For a discreet filter nothing beats a canister for a nano but you still get to hide the heater. Some use an inline one. I chose a corner mattenfilter foam for my brand new nano and incorporated the dark foam into the scape, the heater fits in there as well. Be nice if there was a small canister with heater module available. Look at the All In One nano tanks out there if you don't have your tank yet. That Fluval Spec looks great to me. I'd think your light would fit right on there.

The paintball CO2 is perfect for a nano tank. It should help the plants grow better under that very nice light you already own. Also for my brand new nano I choose to use a floating plant not just for looks but to dim the light going to the newly planted moss and Anubias.

Plants all love light but slow growing ones like Anubias will collect algae fast if in a bright spot. Moss does too but its so easy to pull out infested moss growth and leave the rest to regrow clean but Anubias leaves normally live a long time and are slow to grow. The baby tear species and stem plants sulk if shaded.
 

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This is a very personal group of decisions that will take a lot of study and is likely to have some mistakes along the way. you will be in doubt at many points so expect that as normal. But the way to proceed is a much more personal thing. I don't want to get a lot of "stuff" that I don't need so I look at things slowly and defer on buying until I find out more what I want for the level I want to run my tanks. That leaves me starting slowly and buying cheap to start.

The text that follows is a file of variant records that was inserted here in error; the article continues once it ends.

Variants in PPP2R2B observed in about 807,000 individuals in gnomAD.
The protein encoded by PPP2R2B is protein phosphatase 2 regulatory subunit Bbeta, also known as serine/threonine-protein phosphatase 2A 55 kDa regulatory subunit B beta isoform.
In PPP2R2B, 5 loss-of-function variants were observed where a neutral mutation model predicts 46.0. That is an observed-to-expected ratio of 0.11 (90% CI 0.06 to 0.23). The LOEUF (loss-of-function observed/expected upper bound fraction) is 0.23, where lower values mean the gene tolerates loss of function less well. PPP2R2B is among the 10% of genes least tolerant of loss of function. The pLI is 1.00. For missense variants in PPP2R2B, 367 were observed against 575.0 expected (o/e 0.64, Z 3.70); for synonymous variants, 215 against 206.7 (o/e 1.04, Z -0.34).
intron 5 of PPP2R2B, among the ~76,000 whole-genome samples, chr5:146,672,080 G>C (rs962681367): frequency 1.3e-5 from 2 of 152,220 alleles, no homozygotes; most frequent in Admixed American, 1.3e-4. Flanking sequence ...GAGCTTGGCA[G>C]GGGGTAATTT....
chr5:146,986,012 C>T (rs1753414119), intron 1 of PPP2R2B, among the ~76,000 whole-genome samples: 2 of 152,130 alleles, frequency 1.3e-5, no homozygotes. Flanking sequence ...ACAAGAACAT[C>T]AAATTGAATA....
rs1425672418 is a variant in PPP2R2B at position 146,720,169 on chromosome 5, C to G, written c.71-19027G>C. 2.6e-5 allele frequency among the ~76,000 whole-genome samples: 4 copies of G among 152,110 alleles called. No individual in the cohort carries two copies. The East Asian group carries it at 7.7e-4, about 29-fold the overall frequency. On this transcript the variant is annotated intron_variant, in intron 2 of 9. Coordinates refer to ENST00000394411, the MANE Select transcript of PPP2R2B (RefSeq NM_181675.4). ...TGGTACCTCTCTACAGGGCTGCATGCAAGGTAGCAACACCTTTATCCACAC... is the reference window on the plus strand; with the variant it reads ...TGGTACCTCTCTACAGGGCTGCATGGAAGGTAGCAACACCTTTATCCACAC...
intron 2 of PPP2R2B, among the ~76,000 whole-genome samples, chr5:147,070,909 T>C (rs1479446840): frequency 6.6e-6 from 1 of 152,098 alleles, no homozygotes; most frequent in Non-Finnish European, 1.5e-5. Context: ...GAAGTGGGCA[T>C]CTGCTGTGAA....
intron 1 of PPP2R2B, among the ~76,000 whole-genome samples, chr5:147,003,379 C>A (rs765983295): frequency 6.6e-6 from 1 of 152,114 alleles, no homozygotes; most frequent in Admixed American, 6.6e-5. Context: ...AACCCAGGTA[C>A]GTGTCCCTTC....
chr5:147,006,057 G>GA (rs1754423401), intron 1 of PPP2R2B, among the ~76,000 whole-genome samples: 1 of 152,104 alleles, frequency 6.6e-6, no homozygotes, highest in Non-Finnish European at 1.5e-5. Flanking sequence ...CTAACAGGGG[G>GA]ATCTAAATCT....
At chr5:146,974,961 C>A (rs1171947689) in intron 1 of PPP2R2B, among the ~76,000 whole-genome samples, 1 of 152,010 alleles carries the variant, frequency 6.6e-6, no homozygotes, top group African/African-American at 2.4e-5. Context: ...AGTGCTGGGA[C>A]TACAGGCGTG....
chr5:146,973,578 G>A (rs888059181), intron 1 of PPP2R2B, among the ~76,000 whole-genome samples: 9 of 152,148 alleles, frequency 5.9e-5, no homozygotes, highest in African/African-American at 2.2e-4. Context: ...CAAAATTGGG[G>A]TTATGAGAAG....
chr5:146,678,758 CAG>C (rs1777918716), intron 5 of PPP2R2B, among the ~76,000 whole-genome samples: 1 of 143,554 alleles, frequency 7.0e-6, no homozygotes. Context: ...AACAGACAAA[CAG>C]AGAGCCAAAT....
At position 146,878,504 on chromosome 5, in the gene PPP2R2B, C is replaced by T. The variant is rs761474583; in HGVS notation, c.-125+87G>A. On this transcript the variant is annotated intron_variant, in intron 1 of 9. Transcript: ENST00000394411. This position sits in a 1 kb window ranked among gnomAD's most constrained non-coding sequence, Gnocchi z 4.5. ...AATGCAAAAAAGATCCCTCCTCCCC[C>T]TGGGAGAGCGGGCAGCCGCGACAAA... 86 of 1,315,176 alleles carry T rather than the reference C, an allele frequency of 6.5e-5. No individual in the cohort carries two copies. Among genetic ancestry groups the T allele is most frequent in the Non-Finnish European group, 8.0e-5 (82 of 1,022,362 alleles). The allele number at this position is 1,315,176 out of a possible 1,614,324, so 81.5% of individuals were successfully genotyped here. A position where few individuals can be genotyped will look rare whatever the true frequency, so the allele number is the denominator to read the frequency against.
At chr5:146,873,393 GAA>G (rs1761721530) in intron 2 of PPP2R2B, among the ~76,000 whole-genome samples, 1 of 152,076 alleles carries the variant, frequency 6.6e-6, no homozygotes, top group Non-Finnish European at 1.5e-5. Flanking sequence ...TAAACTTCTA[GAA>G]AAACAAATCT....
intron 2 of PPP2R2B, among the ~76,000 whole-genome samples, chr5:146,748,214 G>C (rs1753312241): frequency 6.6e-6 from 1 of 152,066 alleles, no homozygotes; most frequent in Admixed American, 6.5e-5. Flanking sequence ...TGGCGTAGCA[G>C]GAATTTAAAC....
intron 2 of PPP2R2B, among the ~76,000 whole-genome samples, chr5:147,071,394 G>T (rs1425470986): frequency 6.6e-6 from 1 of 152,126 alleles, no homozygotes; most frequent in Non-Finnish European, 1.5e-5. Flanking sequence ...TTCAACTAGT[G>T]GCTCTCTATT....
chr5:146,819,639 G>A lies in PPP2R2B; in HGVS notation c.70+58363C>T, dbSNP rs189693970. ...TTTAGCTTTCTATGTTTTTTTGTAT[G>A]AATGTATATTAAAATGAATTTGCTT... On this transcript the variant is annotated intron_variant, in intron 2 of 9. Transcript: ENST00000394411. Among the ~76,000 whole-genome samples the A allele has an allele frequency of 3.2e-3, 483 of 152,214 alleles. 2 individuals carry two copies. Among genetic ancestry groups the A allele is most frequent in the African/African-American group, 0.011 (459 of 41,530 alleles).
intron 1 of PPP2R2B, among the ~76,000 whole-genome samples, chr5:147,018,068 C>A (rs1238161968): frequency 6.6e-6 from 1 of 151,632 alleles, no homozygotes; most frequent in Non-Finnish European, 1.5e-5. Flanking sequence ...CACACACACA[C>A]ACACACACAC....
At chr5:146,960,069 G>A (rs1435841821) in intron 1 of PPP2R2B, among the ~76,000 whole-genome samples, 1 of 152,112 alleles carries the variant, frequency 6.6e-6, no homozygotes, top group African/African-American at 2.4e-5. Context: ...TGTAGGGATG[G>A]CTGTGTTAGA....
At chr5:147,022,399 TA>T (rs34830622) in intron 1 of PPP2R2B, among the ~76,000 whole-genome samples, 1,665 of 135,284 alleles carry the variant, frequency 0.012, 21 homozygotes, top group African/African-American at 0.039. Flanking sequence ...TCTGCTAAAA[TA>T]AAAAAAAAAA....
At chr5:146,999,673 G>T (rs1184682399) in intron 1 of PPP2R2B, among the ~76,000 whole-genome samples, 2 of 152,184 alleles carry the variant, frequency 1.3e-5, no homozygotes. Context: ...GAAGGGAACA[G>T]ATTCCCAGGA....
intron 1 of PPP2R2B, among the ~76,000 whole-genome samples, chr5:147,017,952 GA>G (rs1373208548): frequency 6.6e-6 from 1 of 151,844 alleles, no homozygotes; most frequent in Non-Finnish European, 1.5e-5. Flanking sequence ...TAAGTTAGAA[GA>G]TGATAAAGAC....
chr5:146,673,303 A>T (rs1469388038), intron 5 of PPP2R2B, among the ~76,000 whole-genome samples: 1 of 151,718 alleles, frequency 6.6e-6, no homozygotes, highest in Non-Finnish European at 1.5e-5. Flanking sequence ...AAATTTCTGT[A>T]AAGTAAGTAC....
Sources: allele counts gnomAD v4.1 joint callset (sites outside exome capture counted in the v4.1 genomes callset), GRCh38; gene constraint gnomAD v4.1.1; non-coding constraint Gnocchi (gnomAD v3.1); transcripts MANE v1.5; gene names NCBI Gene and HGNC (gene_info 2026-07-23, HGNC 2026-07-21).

Lighting is often one which is overtalked and over bought as a result. Light is one of the three main items but not the total answer. Lights and CO2 are the expensive items and need ferts to go with them but only IF (big IF?) you want to go high tech and get maximum growth and variety of growth. It can often be done at a much lower level and still get very good growth with lower (cheaper) lighting, etc. Selecting the less demanding plants can get you very good growth while gaining the knowledge it takes to go full out. I found I never wanted to go with the more delicate, fussy plants which require much more care.
Like working a jigsaw puzzle? Look carefully while trying to find what fits and then once more of the pieces are in place, it begins to look simple. I would start with easy plants which require little and then add to the pieces as I see some success. I see many who start big and quit because they don't find the tough stuff successful.
 

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Discussion Starter · #4 ·
Really helpful answers guys, thank you. So as far as plants go would something like micran monte carlo, Anubias petite, Microsorum mini/petite and maybe some form of easy moss be viable? I am told carpeting plants such as a the Monte are difficult to grow and many say co2 is a must? Wondering what you thought about that. I want to achieve a very green environment. As far as CO2 goes, ive been having a lot of trouble as im told with a small aquarium its not necessary and can be substituted with flourish excel. Ive also seen some cheap canister filled 'bell' setup that looks fairly okay and its rather discreet. With the filter i hope i will be able to hide it behind plants to obscure the view. Thanks again, Ollie.